French court rules e-cigs fall under tobacco monopoly

A French commercial court ruled on Monday that e-cigarettes qualify as tobacco products and should only be sold by registered tobacconists.

The ruling by the in Toulouse is subject to appeal but could eventually see the distribution of e-cigarettes limited by a state-imposed monopoly on .

The decision comes amid a global boom in sales of e-cigarettes—battery-powered, vapour-releasing tubes that are promoted as a healthier alternative to traditional .

The case stems from a complaint made by a local tobacconist against the Esmokeclean e-cigarette shop in the southern town of Plaisance-du-Touch.

The court in nearby Toulouse gave its verdict Monday, ordering Esmokeclean to stop selling and advertising e-cigarettes as it was violating the "state monopoly on the sale of tobacco"—a decision that could set a precedent.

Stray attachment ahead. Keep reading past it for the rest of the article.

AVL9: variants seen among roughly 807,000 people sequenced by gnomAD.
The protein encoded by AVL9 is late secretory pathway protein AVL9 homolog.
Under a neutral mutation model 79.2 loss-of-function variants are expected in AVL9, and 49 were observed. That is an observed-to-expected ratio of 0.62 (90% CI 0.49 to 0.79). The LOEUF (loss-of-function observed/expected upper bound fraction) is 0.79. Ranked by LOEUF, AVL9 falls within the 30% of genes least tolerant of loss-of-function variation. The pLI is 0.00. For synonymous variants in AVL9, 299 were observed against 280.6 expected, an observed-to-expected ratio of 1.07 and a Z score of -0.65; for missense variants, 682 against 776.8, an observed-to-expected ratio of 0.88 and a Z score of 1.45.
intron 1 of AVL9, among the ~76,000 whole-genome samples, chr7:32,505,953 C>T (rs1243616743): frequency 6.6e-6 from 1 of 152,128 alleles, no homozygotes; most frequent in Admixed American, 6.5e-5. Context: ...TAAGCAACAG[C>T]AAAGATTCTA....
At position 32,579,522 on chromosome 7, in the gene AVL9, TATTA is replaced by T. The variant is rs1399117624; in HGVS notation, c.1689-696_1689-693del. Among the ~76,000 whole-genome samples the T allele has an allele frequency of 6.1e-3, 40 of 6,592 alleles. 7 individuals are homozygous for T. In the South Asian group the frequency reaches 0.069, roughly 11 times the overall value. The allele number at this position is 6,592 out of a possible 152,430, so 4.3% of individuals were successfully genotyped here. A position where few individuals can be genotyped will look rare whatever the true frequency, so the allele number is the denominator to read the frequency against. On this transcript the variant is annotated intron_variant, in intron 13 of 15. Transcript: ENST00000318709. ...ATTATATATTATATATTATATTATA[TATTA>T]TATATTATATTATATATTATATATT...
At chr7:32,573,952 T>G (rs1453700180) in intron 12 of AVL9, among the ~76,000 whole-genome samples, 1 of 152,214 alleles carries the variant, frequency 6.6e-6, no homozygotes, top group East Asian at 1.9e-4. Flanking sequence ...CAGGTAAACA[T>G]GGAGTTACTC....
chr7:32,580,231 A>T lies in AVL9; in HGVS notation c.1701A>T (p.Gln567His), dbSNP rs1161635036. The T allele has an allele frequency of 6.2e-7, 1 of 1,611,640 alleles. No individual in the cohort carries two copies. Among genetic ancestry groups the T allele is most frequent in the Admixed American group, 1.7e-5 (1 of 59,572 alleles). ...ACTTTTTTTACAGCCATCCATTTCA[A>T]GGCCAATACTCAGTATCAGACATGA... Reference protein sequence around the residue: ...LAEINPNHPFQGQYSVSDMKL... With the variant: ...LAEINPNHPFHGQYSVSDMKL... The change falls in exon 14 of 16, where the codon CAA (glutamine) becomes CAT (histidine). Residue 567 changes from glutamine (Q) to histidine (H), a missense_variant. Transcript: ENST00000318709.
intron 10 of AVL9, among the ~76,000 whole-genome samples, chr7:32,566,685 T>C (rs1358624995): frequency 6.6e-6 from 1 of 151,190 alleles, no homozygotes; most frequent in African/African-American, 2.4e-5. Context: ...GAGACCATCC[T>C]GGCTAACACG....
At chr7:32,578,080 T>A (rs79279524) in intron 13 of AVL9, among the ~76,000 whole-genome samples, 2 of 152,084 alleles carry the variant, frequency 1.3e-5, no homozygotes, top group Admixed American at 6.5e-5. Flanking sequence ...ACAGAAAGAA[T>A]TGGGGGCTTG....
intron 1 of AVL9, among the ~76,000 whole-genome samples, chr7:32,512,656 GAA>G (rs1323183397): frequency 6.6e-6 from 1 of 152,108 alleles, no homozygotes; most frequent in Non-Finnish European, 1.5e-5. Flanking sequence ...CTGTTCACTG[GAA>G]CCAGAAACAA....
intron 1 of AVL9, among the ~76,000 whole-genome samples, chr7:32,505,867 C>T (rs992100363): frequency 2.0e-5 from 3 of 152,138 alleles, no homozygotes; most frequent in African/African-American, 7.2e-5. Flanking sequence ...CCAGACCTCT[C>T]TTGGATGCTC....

Cigarettes and other tobacco products can only be sold in France at registered outlets and their advertising is banned.

The court said e-cigarettes fall into that category despite containing no tobacco.

A lawyer for Esmokeclean said the company would appeal the ruling and in the meantime would be allowed to continue selling and advertising e-cigarettes.

Governments have struggled with how to regulate e-cigarettes since their emergence and growing popularity in recent years.

Supporters claim they are harmless and a valuable tool in helping smokers to quit.

The World Health Organisation has advised against them however, saying their potential health risk "remains undetermined".

In October European lawmakers rejected a bid to classify as medicinal products, which would have restricted their sale to pharmacies.

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